Warfarin: Losartan administered for 7 days did not affect the pharmacokinetics or pharmacodynamic activity of a single dose of warfarin. The effect of losartan on steady-state pharmacokinetics of warfarin is not known.

Drugs Affecting Cytochrome P450 System: When losartan was administered to 10 healthy male volunteers as a single dose in steady-state conditions of phenobarbital, a cytochrome P450 inducer, losartan AUC, relative to baseline, was 0.80 (90% C.I. 0.72 to 0.88), while AUC of the active metabolite, E-3174, was 0.80 (90% C.I. 0.78 to 0.82).

When losartan was administered to 8 healthy male volunteers as a single dose in steady-state conditions of cimetidine, a cytochrome P450 inhibitor, losartan AUC, relative to baseline, was 1.18 (90% C.I. 1.10 to 1.27), while AUC of the active metabolite, E-3174, was 1.00 (90% C.I. 0.92 to 1.08).

d-Tubocurarine: Thiazide drugs may increase the responsiveness to tubocurarine.

Insulin: Insulin requirements in diabetic patients treated with diuretics may be increased, decreased or unchanged. Diabetes mellitus which has been latent may become manifest during thiazide administration.

Alcohol, Barbiturates or Narcotics: Diuretic potentiation of orthostatic hypotension may occur.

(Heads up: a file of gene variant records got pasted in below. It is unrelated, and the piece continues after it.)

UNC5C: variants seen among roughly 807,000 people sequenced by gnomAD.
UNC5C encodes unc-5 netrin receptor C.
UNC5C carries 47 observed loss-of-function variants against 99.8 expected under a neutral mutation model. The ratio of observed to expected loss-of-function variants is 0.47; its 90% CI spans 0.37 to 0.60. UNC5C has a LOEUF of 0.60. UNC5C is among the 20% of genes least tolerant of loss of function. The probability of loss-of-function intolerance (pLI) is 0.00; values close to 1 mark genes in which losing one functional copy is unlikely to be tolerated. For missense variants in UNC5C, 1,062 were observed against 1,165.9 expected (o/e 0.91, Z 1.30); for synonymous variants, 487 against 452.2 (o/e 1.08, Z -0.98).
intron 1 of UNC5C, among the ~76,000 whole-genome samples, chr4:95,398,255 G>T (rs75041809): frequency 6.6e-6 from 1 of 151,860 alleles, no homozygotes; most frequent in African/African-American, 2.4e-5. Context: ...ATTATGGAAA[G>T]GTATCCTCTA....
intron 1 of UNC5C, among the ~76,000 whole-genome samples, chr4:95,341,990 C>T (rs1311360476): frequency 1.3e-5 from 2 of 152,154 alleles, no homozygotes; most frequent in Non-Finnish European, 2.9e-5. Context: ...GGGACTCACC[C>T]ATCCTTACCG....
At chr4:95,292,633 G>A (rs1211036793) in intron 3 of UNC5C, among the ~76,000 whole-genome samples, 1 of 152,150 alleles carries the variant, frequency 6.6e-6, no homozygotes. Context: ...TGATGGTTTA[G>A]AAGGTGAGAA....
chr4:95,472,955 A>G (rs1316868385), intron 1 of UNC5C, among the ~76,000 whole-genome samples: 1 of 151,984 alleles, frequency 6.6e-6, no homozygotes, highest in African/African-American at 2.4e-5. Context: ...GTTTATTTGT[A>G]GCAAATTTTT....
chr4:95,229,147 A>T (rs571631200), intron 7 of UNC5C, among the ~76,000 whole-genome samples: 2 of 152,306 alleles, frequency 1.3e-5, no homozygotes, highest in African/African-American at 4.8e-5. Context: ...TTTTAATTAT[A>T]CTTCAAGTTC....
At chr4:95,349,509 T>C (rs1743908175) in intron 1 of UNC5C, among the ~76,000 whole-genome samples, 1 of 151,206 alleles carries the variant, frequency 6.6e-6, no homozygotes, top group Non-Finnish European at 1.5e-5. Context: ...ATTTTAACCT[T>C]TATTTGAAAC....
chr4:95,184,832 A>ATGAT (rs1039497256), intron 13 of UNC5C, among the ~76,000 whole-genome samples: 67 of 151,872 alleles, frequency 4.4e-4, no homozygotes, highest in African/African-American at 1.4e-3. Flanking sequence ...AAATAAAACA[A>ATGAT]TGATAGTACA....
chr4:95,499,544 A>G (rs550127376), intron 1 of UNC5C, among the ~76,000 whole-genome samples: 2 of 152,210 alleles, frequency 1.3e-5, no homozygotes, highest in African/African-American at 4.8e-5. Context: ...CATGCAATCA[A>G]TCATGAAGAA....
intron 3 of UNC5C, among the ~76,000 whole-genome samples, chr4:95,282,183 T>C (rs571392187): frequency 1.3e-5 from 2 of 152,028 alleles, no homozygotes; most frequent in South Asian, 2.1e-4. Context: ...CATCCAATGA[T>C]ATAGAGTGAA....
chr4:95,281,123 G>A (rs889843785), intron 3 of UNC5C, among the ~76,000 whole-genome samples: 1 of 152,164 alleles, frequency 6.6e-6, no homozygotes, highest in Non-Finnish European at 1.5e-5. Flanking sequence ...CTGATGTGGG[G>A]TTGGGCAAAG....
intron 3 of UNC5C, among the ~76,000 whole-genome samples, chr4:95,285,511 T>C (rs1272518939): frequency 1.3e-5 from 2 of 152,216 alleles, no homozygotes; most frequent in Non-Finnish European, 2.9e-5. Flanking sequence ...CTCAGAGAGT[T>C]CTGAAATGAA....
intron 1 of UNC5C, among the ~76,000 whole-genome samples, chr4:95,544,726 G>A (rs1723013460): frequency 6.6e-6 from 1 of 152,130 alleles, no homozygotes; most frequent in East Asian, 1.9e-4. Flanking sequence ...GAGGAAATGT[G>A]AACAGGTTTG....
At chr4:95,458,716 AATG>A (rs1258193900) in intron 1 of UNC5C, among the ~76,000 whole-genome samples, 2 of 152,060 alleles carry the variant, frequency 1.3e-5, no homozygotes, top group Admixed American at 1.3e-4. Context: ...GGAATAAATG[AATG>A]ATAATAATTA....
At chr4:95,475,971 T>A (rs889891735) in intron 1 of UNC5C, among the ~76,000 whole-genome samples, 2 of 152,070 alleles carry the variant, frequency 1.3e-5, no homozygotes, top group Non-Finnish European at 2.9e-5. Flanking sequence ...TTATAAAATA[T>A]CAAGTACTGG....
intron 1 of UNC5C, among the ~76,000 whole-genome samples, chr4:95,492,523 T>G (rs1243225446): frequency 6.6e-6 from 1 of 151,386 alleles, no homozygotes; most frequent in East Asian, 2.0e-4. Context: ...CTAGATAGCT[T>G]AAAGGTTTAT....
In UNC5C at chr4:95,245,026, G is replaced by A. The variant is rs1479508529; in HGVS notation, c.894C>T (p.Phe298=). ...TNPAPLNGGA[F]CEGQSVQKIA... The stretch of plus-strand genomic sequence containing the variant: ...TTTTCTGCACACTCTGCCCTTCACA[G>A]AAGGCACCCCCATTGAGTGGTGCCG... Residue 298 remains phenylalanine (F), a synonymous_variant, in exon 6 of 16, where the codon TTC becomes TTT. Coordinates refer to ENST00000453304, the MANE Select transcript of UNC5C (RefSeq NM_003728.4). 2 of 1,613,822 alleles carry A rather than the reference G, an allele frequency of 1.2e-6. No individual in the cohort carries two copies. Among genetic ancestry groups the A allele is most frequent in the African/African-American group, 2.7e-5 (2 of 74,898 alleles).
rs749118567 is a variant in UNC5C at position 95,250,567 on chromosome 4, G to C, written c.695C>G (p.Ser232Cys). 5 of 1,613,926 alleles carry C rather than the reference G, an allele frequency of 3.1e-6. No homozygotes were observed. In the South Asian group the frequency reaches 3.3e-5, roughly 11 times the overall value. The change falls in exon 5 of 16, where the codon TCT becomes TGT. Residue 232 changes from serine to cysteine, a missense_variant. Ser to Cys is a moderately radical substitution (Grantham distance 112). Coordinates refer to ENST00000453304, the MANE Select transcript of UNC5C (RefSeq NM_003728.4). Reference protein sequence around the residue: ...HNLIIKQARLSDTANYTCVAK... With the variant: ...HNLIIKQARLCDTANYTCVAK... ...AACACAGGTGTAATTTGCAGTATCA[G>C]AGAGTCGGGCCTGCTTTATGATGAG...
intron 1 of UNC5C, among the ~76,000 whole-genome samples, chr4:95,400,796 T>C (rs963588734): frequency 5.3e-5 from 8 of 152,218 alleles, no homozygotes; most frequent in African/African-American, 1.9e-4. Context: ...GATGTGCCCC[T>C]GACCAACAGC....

Corticosteroids, ACTH: Intensified electrolyte depletion, particularly hypokalemia, may occur when given concomitantly with diuretics.

Pressor Amines (e.g., norepinephrine): In the presence of diuretics possible decreased response to pressor amines may be seen but not sufficient to preclude their use.

NSAIDs: In some patients, the administration of a nonsteroidal anti-inflammatory agent can reduce the diuretic, natriuretic, and antihypertensive effects of loop, potassium-sparing and thiazide diuretics. Therefore, when Hyzaar and nonsteroidal anti-inflammatory agents are used concomitantly, the patient should be observed closely to determine if the desired effect of the diuretic is obtained.

Adverse Reactions: Hyzaar has been evaluated for safety in 2 498 patients treated for essential hypertension. Of these, 1 088 were treated with Hyzaar monotherapy in controlled clinical trials. In open studies, 926 patients were treated with Hyzaar for a year or more.

The following potentially serious adverse reactions have been reported rarely with Hyzaar in controlled clinical trials: syncope, hypotension.

In controlled clinical trials, discontinuations of therapy due to clinical adverse experiences occurred in 2.4 and 2.1% of patients treated with Hyzaar and placebo, respectively.